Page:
Interest in and understanding of the need to conserve biodiversity have grown in recent years as scientists, the public, and policymakers have probed deeper into the interconnectedness of nature and natural processes, as well as the growing public awareness of climate change and its influence on life. This has come at the same time that the military's main mission – fighting a war – has become even more all important. Thomas Warren, chief of environmental programs at Fort Carson, Colorado, has a reputation for being one of the most innovative of dollar-finders. But, he recently commented, the coordinated suicide attacks on American targets on 11 September 2001 had changed all that: "Most innovative funding sources have virtually dried up since the implementation of the global war on terrorism over the last five years," he said. Many other installations' natural resources managers would agree with his assessment.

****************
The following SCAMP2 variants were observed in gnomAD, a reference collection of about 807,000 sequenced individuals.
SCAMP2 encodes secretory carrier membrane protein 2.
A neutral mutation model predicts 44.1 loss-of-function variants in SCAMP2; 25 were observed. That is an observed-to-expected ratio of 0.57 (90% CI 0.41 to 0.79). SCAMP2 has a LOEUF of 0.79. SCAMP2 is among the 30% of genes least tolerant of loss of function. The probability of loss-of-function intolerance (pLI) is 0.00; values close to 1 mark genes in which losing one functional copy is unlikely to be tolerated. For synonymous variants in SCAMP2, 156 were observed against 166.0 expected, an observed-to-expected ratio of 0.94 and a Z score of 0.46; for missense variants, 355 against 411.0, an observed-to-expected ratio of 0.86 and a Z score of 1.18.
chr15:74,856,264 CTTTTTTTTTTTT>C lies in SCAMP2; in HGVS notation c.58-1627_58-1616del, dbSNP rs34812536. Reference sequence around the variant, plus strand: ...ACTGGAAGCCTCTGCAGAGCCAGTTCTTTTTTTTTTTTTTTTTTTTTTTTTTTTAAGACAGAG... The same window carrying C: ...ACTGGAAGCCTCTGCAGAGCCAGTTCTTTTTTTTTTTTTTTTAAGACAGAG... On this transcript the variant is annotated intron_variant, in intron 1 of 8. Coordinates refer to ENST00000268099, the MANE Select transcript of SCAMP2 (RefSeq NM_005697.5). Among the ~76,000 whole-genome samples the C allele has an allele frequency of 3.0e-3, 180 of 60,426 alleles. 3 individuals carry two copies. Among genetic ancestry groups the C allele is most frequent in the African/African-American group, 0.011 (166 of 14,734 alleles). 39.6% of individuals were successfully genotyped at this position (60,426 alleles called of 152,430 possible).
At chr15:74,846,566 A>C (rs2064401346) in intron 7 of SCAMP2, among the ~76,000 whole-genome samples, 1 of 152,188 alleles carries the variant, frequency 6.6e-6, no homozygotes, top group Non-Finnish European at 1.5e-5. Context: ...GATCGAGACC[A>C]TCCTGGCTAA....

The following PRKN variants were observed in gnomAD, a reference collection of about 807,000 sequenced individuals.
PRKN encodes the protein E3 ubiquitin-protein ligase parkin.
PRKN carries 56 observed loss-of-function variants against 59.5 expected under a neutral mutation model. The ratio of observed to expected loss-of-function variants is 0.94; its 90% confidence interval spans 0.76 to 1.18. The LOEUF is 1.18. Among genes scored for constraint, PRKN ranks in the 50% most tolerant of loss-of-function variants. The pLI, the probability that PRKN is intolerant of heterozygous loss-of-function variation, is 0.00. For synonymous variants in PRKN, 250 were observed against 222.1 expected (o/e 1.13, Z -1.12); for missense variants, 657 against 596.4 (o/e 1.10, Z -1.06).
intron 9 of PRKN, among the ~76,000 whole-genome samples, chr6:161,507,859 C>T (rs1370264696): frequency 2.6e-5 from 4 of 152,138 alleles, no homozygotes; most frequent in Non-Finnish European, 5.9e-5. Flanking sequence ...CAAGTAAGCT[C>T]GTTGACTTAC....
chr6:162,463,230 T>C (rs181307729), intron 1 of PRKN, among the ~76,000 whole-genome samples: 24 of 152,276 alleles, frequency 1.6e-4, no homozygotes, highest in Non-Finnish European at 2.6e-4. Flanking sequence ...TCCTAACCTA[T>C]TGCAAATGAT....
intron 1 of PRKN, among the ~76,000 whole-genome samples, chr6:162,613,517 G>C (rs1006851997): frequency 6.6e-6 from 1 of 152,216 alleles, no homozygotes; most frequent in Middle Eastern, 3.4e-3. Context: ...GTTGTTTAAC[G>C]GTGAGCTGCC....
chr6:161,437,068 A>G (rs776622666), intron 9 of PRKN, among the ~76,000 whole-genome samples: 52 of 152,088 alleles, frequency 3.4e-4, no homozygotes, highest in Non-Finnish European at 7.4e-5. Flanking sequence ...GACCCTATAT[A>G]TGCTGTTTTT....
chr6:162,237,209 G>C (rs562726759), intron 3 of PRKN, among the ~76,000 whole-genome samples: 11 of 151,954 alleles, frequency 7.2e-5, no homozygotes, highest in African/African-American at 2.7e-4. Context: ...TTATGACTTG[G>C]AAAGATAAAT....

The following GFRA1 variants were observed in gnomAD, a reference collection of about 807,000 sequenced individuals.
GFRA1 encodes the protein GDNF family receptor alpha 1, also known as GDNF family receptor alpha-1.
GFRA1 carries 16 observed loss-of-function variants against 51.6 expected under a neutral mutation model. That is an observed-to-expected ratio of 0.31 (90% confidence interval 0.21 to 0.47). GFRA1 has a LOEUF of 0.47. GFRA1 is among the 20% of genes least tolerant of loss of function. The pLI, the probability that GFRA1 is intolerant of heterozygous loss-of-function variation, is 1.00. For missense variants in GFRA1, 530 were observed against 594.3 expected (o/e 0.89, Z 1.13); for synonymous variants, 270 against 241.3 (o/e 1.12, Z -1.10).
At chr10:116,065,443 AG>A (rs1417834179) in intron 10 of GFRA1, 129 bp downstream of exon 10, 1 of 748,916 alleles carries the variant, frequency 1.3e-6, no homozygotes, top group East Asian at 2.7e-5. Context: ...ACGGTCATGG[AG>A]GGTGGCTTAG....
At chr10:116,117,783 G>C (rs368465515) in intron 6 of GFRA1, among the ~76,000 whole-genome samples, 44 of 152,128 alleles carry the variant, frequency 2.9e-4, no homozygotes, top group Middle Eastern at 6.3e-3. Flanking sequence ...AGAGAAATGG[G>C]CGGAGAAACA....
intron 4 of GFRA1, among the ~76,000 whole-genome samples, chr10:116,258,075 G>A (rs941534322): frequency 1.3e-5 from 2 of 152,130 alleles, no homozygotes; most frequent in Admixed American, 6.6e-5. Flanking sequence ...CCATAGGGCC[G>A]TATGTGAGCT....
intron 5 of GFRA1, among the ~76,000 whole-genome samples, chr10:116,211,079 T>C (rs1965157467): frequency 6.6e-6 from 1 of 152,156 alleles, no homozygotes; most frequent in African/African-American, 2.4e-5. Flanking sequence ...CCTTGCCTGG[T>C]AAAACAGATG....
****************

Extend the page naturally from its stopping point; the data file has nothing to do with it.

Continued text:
To supplement their conservation budgets, managers have found it necessary to come up with innovative ways of finding money, and some of them have become quite expert at it. Kyle Rambo, the director of the conservation division at Naval Air Station Patuxent River in Maryland, does a lot of his work in coordination with the community surrounding his base (Rambo's operation is discussed in greater detail in chapter 10, Beyond the Fenceline.) And much of the money for his conservation operations comes from organizations outside the base. "Remember back to our smoking days?" Rambo asked. "What's the cheapest brand of cigarette out there? It's OP's – ‘other people's.' The best kind of money? Other people's money."